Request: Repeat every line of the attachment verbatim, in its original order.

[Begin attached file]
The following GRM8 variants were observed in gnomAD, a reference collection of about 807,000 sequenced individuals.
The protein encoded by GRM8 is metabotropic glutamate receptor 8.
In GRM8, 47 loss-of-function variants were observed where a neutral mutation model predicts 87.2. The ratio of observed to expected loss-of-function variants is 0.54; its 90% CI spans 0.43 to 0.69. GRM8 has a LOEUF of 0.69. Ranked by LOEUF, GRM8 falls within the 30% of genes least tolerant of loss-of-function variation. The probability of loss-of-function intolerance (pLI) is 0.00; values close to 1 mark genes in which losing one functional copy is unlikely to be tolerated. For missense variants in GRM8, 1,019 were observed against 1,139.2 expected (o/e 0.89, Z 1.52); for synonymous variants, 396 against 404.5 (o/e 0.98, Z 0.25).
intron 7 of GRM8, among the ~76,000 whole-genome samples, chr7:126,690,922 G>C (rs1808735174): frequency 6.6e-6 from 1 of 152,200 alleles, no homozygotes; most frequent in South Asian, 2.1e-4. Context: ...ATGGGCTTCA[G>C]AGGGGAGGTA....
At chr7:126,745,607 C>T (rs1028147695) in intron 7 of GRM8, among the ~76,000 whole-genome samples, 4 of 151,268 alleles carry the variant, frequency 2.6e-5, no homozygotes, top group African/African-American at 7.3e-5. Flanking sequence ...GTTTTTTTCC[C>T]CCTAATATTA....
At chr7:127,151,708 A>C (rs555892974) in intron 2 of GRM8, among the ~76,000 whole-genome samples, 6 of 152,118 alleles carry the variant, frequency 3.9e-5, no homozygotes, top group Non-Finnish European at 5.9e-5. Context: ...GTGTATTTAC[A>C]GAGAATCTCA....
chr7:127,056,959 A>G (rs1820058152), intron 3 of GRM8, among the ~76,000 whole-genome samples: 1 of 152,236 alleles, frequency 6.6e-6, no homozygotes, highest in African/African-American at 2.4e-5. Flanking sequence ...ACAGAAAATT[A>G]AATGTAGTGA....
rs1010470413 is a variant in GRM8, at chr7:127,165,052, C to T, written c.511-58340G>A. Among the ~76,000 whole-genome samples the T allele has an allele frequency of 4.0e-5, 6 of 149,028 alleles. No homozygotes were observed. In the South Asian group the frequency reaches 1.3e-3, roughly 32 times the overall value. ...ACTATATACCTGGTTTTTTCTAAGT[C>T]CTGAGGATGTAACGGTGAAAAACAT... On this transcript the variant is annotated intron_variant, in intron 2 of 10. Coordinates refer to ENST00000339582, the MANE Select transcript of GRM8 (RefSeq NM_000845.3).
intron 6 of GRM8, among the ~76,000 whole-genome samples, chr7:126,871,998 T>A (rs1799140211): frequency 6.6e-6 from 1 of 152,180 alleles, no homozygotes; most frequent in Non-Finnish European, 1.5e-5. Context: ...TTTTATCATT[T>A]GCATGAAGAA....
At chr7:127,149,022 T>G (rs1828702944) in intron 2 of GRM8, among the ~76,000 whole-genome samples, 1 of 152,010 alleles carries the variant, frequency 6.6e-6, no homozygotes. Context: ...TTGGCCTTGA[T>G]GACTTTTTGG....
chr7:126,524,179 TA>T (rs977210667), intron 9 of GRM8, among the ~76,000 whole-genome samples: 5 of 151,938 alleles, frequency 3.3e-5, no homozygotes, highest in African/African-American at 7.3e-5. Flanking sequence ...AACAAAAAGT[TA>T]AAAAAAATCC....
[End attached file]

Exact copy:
The following GRM8 variants were observed in gnomAD, a reference collection of about 807,000 sequenced individuals.
The protein encoded by GRM8 is metabotropic glutamate receptor 8.
In GRM8, 47 loss-of-function variants were observed where a neutral mutation model predicts 87.2. The ratio of observed to expected loss-of-function variants is 0.54; its 90% CI spans 0.43 to 0.69. GRM8 has a LOEUF of 0.69. Ranked by LOEUF, GRM8 falls within the 30% of genes least tolerant of loss-of-function variation. The probability of loss-of-function intolerance (pLI) is 0.00; values close to 1 mark genes in which losing one functional copy is unlikely to be tolerated. For missense variants in GRM8, 1,019 were observed against 1,139.2 expected (o/e 0.89, Z 1.52); for synonymous variants, 396 against 404.5 (o/e 0.98, Z 0.25).
intron 7 of GRM8, among the ~76,000 whole-genome samples, chr7:126,690,922 G>C (rs1808735174): frequency 6.6e-6 from 1 of 152,200 alleles, no homozygotes; most frequent in South Asian, 2.1e-4. Context: ...ATGGGCTTCA[G>C]AGGGGAGGTA....
At chr7:126,745,607 C>T (rs1028147695) in intron 7 of GRM8, among the ~76,000 whole-genome samples, 4 of 151,268 alleles carry the variant, frequency 2.6e-5, no homozygotes, top group African/African-American at 7.3e-5. Flanking sequence ...GTTTTTTTCC[C>T]CCTAATATTA....
At chr7:127,151,708 A>C (rs555892974) in intron 2 of GRM8, among the ~76,000 whole-genome samples, 6 of 152,118 alleles carry the variant, frequency 3.9e-5, no homozygotes, top group Non-Finnish European at 5.9e-5. Context: ...GTGTATTTAC[A>C]GAGAATCTCA....
chr7:127,056,959 A>G (rs1820058152), intron 3 of GRM8, among the ~76,000 whole-genome samples: 1 of 152,236 alleles, frequency 6.6e-6, no homozygotes, highest in African/African-American at 2.4e-5. Flanking sequence ...ACAGAAAATT[A>G]AATGTAGTGA....
rs1010470413 is a variant in GRM8, at chr7:127,165,052, C to T, written c.511-58340G>A. Among the ~76,000 whole-genome samples the T allele has an allele frequency of 4.0e-5, 6 of 149,028 alleles. No homozygotes were observed. In the South Asian group the frequency reaches 1.3e-3, roughly 32 times the overall value. ...ACTATATACCTGGTTTTTTCTAAGT[C>T]CTGAGGATGTAACGGTGAAAAACAT... On this transcript the variant is annotated intron_variant, in intron 2 of 10. Coordinates refer to ENST00000339582, the MANE Select transcript of GRM8 (RefSeq NM_000845.3).
intron 6 of GRM8, among the ~76,000 whole-genome samples, chr7:126,871,998 T>A (rs1799140211): frequency 6.6e-6 from 1 of 152,180 alleles, no homozygotes; most frequent in Non-Finnish European, 1.5e-5. Context: ...TTTTATCATT[T>A]GCATGAAGAA....
At chr7:127,149,022 T>G (rs1828702944) in intron 2 of GRM8, among the ~76,000 whole-genome samples, 1 of 152,010 alleles carries the variant, frequency 6.6e-6, no homozygotes. Context: ...TTGGCCTTGA[T>G]GACTTTTTGG....
chr7:126,524,179 TA>T (rs977210667), intron 9 of GRM8, among the ~76,000 whole-genome samples: 5 of 151,938 alleles, frequency 3.3e-5, no homozygotes, highest in African/African-American at 7.3e-5. Flanking sequence ...AACAAAAAGT[TA>T]AAAAAAATCC....